Bad Cop: No Country For Old Men may have been a terrific movie, but it’s not a phrase you want to be reminded of every night while watching your team’s $40 million swingman. Isn’t it probable that Skiles went away from putting Salmons in wing-isolation sets because he’s lost a step and is no longer quick enough to beat his defender one-on-one? The man is 31 years old, and we know he isn’t going to get quicker or more athletic over time. For example, this season his defensive stunts left him at least a step too far out of position on three-point shooters night in and night out, leading to a multitude of back-breaking threes by his counterpart. Despite his ineffectiveness on offense most nights and the problems with covering the arc after his defensive stunts, Skiles apparently couldn’t help himself from giving Salmons big minutes while Corey Maggette rotted away on the bench, which likely robbed the Bucks of their best chance to win a number of games this season.
Good Cop: I see your bad movie reference joke and raise you a substantive theory. Have you ever heard of the Luol Deng Theory? Of course you haven’t, because I just made it up. But it goes as follows: most players have an optimum role on a team where they look extremely good on most nights. For example: Luol Deng is a great 3rd option on offense because he doesn’t have to create his own looks off the dribble and can set up in the corner for a three or a slashing drive to the hoop, with enough energy left over to play lock down perimeter defense. But sometimes players perform so well in their designated role that they get signed to a big contract that dictates they must raise a level in their role to justify the new contract. And unfortunately most players aren’t suited to being first or even second options, and they often look terrible trying to do so. Which brings us back to Deng: he often struggled trying to create his own shots as the 2nd option on the Bulls' offense before rediscovering himself as a supporting player this season. If the overpayment is recognized by management, a move is made that allows the player to return to his optimal role, allowing him to get back his best even he’s still overpaid. Thanks to the addition of Carlos Boozer and the further blossoming of Derrick Rose, that’s just what happened with Deng this season.
Let's apply the Luol Deng Theory to John Salmons. He is clearly a perfect 3rd option or 6th man scorer, because as a 3rd option he can slash off the ball and set up in the corner for open three-point looks (46% from that spot this past season), and as a 6th man scorer he can be given additional wing-isolation opportunities on nights where he has his game going. Seduced by his red-hot finish last spring and the knowledge that they wouldn’t have the cap room to sign a comparable replacement, the Bucks paid Salmons and then tried to bump him up to a 2nd option play-maker and creator. Unfortunately, Salmons has never shown an ability to do this for extended stretches at any point during his career, and with both Andrew Bogut and Brandon Jennings struggling with consistency for much of the season, the ball more often than not ended up in Salmons’ hands late in games. Moreover, I think those clutch numbers you cited can also be explained under the Luol Deng Theory—which suggests Skiles’ insistence on force-feeding Salmons big minutes and important touches is as much to blame as Salmons himself. If he were just allowed to return to a 3rd option or to transition into a 6th man scorer, he would have a much better chance of looking like the player we came to love during the final 30 games of the 2009-2010 season.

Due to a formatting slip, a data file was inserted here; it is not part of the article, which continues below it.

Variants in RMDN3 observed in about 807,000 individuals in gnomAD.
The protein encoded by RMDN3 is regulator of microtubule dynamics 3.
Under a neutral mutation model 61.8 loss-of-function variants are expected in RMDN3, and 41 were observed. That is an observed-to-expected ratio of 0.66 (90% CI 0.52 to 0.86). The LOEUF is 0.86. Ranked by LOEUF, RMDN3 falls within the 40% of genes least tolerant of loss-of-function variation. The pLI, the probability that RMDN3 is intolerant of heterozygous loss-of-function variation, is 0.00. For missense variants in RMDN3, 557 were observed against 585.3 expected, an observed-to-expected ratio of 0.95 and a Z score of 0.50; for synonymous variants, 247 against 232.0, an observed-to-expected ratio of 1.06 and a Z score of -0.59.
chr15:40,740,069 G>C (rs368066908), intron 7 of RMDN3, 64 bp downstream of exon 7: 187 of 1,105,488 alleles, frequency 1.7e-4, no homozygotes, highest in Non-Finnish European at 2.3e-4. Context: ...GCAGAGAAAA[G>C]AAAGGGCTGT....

Either way, there is still hope for next season, and you need to look no further than the monthly splits to find it. Take a look at how Salmons performed the last two months of the seasons: Salmons posted a FG% on par with his career highs for a single season, a TS% equal to his career average, an eFG% that would be the second highest of his career, and although he still kept his attempts at the rim low, he converted those shots at a higher rate than any point since at least 2007. If Salmons could bring anything like what we saw in the last two months, the Bucks will still be getting the player they wanted when they signed him to the long-term deal last offseason.
Furthermore, I feel like Salmons will start to use post-ups more as he continues to age, and his 0.98 PPP in post-ups last year (34th in the league) suggest he has the tools to do so successfully. Unlike guys who rely purely on athleticism, he has a rangy and crafty type of game that mixes in fade away jumpers, which along with his good size means he can probably develop a competent mid-range post package in the near future. Lastly, a very good Bucks defense was even better with Salmons on the court, suggesting that his age hasn’t robbed him of his value on the defensive end. All of this gives us some reasonable glimmer of hope heading into the remaining years on his deal. While the Bucks will never be a contender with Salmons as their first or second option, a more realistic role could help Salmons rediscover his mojo—and get disheartened Bucks fans feeling just a bit more optimistic.